Dead Tree by a Stream at the Foot of a Hill

Object Details

Title:

Dead Tree by a Stream at the Foot of a Hill

Artist/Maker(s):

Jacob van Ruisdael (Dutch, 1628/1629 - 1682)

Culture:

Dutch

Date:

about 1650 - 1660

Medium:

Black chalk, point of brush and light and dark gray washes

Dimensions:

14.4 x 18.9 cm (5 11/16 x 7 7/16 in.)

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For Jacob van Ruisdael, decayed trees with bare, twisted branches could speak as eloquently as thriving ones. The aged tree was a long-standing theme in Dutch and Flemish landscape imagery, but in Ruisdael's hands it became a very personal expression.

Ruisdael focused this composition around a hollow tree whose bare limbs reach upward: a heroic element in the landscape. Its lifeless skeleton symbolizes the transience of human life, a favorite Ruisdael theme, and reminds viewers of the suffering and endurance required in life. Yet Ruisdael also set the dead tree amidst healthy ones, showing that both life and death have a share in nature. To balance the scene compositionally, Ruisdael contrasted the dramatic tree with a placid stream and picturesque footbridge on the left.

Ruisdael began by sketching the composition in black chalk. He then brushed in a range of tones of gray wash, creating a rich diversity of textural and light effects, especially on the right.

Subjects reflecting life's uncertainty and brevity were popular in post-Reformation Holland, where religious painting had nearly disappeared. The vanitas themes adopted by Dutch still life painters came from the same urge to record the fleeting character of nature.

Provenance

Hendrikus Egbertus ten Cate, Dutch, 1868 - 1955, Almelo, by 1955

A. Schwarz, Amsterdam and Amstelveen

Art Market California

December 1-15, 1964

C.G. Boerner, no. 86

Exhibitions
De Verzameling van A. Schwarz (September to December 1968)
  • Rijksprentenkabinet, (Amsterdam), September to December, 1968, (Cat. 90)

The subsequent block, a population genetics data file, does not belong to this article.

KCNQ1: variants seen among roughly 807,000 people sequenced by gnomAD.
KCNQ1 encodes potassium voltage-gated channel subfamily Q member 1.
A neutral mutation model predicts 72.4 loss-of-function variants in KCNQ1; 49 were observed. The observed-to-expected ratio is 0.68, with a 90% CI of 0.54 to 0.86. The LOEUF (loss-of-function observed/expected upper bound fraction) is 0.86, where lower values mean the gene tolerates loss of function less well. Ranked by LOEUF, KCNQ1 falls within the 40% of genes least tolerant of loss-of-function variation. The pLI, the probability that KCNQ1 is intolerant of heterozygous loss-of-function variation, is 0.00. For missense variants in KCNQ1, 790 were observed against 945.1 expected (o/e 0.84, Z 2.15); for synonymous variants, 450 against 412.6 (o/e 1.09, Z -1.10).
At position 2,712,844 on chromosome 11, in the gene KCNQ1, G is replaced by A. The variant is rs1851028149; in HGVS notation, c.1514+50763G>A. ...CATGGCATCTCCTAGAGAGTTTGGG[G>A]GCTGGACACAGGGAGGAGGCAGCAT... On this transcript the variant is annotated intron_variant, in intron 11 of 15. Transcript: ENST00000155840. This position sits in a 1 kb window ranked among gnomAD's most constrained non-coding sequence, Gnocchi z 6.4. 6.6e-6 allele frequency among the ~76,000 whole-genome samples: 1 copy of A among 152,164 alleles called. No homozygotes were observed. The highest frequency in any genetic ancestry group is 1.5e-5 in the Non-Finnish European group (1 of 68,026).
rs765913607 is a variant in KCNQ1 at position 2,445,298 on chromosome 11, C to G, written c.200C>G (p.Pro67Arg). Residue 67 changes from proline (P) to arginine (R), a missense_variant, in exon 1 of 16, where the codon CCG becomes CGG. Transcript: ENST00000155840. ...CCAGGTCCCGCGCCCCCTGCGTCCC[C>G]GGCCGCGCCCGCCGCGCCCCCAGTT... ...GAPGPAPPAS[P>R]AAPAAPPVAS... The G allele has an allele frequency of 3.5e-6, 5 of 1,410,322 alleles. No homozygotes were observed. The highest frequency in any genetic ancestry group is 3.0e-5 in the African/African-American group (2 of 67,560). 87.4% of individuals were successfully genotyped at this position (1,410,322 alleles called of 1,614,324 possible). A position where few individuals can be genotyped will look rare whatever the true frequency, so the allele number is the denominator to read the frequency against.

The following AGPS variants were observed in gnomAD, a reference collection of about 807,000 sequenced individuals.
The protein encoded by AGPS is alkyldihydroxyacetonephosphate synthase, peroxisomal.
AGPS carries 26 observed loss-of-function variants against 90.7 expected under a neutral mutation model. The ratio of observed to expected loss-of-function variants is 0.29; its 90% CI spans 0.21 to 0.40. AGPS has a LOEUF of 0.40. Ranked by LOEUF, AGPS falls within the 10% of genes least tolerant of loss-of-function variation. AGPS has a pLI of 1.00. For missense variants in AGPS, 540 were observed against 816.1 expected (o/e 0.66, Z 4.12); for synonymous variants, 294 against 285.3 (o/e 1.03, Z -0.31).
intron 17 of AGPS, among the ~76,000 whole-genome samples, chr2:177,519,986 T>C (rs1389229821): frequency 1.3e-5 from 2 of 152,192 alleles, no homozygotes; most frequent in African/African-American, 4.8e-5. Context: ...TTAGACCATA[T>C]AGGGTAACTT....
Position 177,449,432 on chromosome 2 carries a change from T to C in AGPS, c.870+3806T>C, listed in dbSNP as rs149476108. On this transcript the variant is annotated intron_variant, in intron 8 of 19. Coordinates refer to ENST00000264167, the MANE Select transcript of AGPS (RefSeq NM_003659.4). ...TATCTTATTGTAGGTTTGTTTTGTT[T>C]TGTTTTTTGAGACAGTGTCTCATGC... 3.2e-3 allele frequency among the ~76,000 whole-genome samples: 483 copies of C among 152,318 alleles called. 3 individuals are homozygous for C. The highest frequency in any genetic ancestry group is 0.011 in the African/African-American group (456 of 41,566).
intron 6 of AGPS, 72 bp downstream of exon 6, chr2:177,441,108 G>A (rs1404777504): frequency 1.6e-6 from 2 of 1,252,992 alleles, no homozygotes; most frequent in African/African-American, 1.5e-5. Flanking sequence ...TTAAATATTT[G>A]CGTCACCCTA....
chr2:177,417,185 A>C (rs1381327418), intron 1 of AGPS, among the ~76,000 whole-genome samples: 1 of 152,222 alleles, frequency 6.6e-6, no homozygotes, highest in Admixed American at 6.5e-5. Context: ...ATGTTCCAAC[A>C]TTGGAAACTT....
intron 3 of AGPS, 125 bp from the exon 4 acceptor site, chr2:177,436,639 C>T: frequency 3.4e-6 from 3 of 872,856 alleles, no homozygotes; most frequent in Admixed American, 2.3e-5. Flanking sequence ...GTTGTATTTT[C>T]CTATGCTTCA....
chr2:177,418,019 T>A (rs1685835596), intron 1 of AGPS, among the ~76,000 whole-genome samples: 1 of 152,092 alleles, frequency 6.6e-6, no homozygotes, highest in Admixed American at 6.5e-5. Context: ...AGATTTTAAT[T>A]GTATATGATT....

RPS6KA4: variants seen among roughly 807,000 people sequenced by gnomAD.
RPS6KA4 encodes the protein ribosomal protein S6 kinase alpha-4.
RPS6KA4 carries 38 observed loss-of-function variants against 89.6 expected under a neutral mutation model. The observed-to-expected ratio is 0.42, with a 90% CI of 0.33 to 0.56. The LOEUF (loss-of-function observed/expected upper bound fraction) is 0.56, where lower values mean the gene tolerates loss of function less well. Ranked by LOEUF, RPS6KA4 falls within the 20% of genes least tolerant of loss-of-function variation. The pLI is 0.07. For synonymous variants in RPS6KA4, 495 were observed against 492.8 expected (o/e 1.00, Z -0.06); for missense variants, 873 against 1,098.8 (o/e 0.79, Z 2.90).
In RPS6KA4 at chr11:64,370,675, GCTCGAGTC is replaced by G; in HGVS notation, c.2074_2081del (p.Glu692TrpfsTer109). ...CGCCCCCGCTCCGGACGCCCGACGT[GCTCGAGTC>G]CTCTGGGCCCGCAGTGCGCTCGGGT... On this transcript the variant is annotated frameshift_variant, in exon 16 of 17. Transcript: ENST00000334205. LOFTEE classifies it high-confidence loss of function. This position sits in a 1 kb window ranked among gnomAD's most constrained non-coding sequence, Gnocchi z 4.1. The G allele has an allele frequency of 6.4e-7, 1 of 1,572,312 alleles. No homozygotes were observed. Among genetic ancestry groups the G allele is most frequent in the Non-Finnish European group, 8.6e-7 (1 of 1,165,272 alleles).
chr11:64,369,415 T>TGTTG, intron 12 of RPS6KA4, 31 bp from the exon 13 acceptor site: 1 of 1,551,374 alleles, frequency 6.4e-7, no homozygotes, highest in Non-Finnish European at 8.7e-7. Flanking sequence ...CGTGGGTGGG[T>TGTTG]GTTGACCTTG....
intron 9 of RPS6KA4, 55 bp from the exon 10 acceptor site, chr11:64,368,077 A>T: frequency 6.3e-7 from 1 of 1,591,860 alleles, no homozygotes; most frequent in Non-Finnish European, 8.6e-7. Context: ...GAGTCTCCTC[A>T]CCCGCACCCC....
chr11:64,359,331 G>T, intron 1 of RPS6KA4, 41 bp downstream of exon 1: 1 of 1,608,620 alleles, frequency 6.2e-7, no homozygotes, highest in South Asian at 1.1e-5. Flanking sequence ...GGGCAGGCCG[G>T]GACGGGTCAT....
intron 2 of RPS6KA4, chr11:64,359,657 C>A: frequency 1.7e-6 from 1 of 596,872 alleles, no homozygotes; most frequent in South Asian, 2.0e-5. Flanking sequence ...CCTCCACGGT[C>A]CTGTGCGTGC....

Landscape in Perspective Drawings by Rembrandt and his Contemporaries (February 20 to May 29, 1988)
  • Arthur M. Sackler Museum, Harvard University, (Cambridge), February 20 to April 3, 1988, (Cat. by F. J. Duparc 79)
  • Musée des beaux-arts de Montréal, April 15 to May 29, 1988, (Cat. by F. J. Duparc 79)
European Landscape Drawings of the 15th through 19th Century (October 6 to December 13, 1992)
  • The J. Paul Getty Museum, (Malibu), October 6 to December 13, 1992, (Cat.)
Drawings from the J. Paul Getty Museum (May 24 to August 8, 1993)
  • The Metropolitan Museum of Art, (New York), May 24 to August 8, 1993, (Cat. 99)
Drawings from the J. Paul Getty Museum (October 29, 1993 to January 23, 1994)
  • Royal Academy of Arts (London), October 29, 1993 to January 23, 1994, (Cat. 93)
Dutch Drawings of the 16th and 17th Centuries (August 16 to October 23, 1994)
  • The J. Paul Getty Museum, (Malibu), August 16 to October 23, 1994, (Cat.)
Landscape Drawings 1500 - 1900 (June 9 to August 23, 1998)
  • The J. Paul Getty Museum at the Getty Center, (Los Angeles), June 9 to August 23, 1998, (Cat.)
Drawing the Landscape: 1500 - 1800 (January 23 to April 15, 2001)
  • The J. Paul Getty Museum at the Getty Center, (Los Angeles), January 23 to April 15, 2001, (Cat.)
Dutch Drawings of the Golden Age (May 28 to August 25, 2002)
  • The J. Paul Getty Museum at the Getty Center, (Los Angeles), May 28 to August 25, 2002, (Cat.)
Paper Art: Finished Drawings in Holland 1590-1800 (September 6 to November 20, 2005)
  • The J. Paul Getty Museum at the Getty Center, (Los Angeles), September 6 to November 20, 2005, (Cat.)
Drawing Life: The Dutch Visual Tradition (November 24, 2009 to February 28, 2010)
  • The J. Paul Getty Museum at the Getty Center, (Los Angeles), November 24, 2009 to February 28, 2010, (Cat.)